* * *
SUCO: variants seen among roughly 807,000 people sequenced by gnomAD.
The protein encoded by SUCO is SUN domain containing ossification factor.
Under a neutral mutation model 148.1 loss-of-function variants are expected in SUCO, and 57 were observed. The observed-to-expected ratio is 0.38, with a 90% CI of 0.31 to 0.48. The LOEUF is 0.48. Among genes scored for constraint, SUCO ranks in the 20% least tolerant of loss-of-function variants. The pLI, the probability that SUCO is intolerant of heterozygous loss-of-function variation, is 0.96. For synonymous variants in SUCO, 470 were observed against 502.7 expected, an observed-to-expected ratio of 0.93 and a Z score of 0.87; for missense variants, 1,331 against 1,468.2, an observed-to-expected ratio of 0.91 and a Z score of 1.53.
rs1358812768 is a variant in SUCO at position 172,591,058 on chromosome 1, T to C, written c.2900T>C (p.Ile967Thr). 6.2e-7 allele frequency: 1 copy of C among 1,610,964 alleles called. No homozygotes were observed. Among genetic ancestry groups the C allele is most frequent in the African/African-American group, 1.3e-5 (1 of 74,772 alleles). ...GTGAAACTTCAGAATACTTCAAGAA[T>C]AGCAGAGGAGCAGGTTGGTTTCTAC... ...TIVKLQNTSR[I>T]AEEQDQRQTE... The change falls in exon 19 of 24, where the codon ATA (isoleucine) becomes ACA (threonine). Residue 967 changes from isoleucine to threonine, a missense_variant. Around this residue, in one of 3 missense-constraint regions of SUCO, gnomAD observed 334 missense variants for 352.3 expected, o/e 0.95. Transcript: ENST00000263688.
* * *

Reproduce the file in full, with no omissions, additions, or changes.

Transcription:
SUCO: variants seen among roughly 807,000 people sequenced by gnomAD.
The protein encoded by SUCO is SUN domain containing ossification factor.
Under a neutral mutation model 148.1 loss-of-function variants are expected in SUCO, and 57 were observed. The observed-to-expected ratio is 0.38, with a 90% CI of 0.31 to 0.48. The LOEUF is 0.48. Among genes scored for constraint, SUCO ranks in the 20% least tolerant of loss-of-function variants. The pLI, the probability that SUCO is intolerant of heterozygous loss-of-function variation, is 0.96. For synonymous variants in SUCO, 470 were observed against 502.7 expected, an observed-to-expected ratio of 0.93 and a Z score of 0.87; for missense variants, 1,331 against 1,468.2, an observed-to-expected ratio of 0.91 and a Z score of 1.53.
rs1358812768 is a variant in SUCO at position 172,591,058 on chromosome 1, T to C, written c.2900T>C (p.Ile967Thr). 6.2e-7 allele frequency: 1 copy of C among 1,610,964 alleles called. No homozygotes were observed. Among genetic ancestry groups the C allele is most frequent in the African/African-American group, 1.3e-5 (1 of 74,772 alleles). ...GTGAAACTTCAGAATACTTCAAGAA[T>C]AGCAGAGGAGCAGGTTGGTTTCTAC... ...TIVKLQNTSR[I>T]AEEQDQRQTE... The change falls in exon 19 of 24, where the codon ATA (isoleucine) becomes ACA (threonine). Residue 967 changes from isoleucine to threonine, a missense_variant. Around this residue, in one of 3 missense-constraint regions of SUCO, gnomAD observed 334 missense variants for 352.3 expected, o/e 0.95. Transcript: ENST00000263688.